The petrol explodes in a ball of fire, killing the man. Then the people in the diner flee as the birds attack. Melanie Daniels goes to a call box, where she gets trapped as the birds try and get in. Just as her situation is getting desperate, as the gulls are breaking the glass of the callbox, Mitch rescues her. He pulls her into the safety of the diner. During the attack, Hitchcock uses almost every camera shot.
He uses wide-shots, (w/s) to establish surroundings, particularly when the gulls begin to attack, and at the beginning of the scene. He often uses mid-shots (m/s) to focus on a couple of people, for example there are quite a few shots of the people watching the attack in the diner. He uses point of view (p.o.
v) very well too. Used to show how the characters see it. Throughout the attack you get the idea that there has been a roll reversal. Usually it is birds that are caged, but now the humans are the ones that are trapped.This is ironic and clever. It means the audience feels sorry for the people, and we start the beginnings of a relationship with the characters. We begin to feel closer to them and this is important as we can relate to them more easily.
I particularly like the bit when he does a close up (c/u) of the petrol spilling, this focuses the audience’s attention on this, so they realise the danger. He then goes on to use a mid-shot of the petrol to slowly show the danger. There are people very close to the petrol.Then an extreme close-up (e.c.u) of the petrol as it reaches a car, then to our horror, a wide-shot to establish there is a man standing by the car with the petrol, and he has a lit match! We have not until this moment realised the danger, then suddenly it hits you with the transfer from e.c.u to w/s.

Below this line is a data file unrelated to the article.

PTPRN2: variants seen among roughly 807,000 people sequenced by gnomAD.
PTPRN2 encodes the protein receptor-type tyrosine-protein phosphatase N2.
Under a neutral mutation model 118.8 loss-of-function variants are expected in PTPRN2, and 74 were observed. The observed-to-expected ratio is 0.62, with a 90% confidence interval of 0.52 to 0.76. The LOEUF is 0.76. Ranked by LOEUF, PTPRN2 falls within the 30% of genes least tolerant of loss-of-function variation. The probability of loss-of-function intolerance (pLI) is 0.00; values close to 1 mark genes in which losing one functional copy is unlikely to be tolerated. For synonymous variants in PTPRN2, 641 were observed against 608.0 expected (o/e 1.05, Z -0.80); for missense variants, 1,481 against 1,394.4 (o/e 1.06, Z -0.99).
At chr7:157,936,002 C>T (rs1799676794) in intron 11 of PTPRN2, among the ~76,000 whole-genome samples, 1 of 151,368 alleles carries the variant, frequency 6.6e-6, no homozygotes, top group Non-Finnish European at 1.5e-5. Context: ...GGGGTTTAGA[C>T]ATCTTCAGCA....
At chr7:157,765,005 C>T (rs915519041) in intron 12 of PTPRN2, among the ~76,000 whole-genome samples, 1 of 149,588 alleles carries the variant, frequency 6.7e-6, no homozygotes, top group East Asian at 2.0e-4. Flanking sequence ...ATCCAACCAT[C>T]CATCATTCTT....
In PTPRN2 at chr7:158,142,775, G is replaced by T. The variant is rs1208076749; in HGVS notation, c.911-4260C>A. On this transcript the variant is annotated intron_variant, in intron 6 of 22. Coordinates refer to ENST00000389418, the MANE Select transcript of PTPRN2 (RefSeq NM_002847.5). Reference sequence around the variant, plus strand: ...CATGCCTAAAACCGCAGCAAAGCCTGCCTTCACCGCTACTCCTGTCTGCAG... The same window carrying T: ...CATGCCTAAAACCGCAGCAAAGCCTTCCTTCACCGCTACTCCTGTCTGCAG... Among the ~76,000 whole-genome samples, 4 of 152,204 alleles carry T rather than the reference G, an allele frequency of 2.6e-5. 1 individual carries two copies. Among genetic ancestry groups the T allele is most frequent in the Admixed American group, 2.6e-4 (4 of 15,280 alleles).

After the car has exploded, there is a series of four jump cuts between Melanie Daniels’ reaction and the chaos that is engulfing the town. She starts off looking one way, and after each jump cut, she turns her head. They are c/u of her face and w/s of the chaos, to focus in on her reactions and the general chaos outside.